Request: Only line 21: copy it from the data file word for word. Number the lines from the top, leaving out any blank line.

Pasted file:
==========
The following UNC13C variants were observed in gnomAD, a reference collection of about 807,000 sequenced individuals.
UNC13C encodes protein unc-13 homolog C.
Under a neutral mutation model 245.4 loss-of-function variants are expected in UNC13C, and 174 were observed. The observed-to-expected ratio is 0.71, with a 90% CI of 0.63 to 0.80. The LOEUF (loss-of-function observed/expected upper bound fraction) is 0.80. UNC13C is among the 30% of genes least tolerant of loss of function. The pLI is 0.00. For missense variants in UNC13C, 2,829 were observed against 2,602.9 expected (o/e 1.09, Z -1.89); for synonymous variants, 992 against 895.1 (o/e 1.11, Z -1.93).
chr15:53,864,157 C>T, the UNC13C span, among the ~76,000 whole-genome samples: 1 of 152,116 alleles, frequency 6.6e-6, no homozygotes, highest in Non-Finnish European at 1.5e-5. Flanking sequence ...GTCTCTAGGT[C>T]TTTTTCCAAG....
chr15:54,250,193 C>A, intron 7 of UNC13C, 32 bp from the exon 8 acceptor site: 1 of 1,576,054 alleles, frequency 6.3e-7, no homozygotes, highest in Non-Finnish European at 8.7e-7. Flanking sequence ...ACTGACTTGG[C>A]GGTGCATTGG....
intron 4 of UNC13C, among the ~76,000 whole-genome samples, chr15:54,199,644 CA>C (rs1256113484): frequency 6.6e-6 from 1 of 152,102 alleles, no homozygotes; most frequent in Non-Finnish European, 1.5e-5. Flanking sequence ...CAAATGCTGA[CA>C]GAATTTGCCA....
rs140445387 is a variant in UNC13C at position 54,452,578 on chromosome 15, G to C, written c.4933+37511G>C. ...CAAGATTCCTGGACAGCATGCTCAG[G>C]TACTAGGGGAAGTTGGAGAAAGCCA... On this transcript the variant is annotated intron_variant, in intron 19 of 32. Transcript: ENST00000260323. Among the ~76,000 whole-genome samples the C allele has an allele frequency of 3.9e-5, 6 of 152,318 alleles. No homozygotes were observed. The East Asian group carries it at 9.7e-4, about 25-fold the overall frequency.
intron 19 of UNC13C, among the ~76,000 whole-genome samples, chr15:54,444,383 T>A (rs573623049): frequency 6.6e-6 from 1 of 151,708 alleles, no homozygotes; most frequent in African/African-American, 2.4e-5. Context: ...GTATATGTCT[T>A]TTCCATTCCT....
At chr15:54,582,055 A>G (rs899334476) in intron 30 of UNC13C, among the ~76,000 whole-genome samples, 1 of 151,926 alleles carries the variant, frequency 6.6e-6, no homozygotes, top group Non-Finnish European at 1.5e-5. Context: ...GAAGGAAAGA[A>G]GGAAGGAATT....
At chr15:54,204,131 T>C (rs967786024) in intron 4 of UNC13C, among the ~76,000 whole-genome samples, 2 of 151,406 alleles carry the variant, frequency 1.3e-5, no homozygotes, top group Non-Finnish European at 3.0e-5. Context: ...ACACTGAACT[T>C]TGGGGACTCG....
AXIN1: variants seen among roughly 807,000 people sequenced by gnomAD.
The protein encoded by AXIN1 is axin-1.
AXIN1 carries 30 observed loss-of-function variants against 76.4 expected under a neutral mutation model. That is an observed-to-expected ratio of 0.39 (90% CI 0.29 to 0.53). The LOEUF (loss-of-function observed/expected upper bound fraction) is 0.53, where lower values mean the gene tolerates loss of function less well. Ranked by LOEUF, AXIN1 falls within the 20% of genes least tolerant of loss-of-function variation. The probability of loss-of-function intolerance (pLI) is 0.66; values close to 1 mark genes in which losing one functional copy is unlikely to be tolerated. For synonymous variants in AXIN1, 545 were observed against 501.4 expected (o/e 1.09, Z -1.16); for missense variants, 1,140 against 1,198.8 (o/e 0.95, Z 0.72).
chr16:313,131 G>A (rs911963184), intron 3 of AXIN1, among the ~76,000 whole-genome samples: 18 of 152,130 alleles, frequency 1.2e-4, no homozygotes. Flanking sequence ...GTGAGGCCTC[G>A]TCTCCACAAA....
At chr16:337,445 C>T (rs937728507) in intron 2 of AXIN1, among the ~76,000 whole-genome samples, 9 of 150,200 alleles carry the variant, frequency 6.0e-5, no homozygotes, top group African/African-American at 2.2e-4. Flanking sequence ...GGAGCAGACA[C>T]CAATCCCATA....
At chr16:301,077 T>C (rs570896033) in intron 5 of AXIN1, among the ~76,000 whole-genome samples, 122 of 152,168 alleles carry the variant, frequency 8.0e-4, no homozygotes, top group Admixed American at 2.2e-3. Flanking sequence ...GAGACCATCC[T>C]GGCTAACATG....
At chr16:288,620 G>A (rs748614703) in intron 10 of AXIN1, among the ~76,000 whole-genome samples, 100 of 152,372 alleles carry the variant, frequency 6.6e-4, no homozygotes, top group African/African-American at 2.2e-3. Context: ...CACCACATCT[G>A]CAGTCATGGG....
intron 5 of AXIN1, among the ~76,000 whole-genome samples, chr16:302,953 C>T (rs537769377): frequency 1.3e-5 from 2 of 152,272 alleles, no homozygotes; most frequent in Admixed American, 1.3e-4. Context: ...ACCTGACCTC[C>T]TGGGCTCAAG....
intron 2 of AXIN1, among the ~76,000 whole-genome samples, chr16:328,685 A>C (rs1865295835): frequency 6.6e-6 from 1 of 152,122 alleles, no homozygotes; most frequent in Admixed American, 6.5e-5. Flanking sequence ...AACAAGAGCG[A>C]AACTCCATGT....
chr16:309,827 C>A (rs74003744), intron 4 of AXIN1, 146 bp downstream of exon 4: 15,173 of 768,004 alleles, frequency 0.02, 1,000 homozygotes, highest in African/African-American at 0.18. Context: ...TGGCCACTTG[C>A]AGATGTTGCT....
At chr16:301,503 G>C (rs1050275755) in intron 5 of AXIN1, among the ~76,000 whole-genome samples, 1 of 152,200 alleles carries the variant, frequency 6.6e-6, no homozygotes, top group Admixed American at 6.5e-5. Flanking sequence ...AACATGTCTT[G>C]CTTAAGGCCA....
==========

At chr16:301,503 G>C (rs1050275755) in intron 5 of AXIN1, among the ~76,000 whole-genome samples, 1 of 152,200 alleles carries the variant, frequency 6.6e-6, no homozygotes, top group Admixed American at 6.5e-5. Flanking sequence ...AACATGTCTT[G>C]CTTAAGGCCA....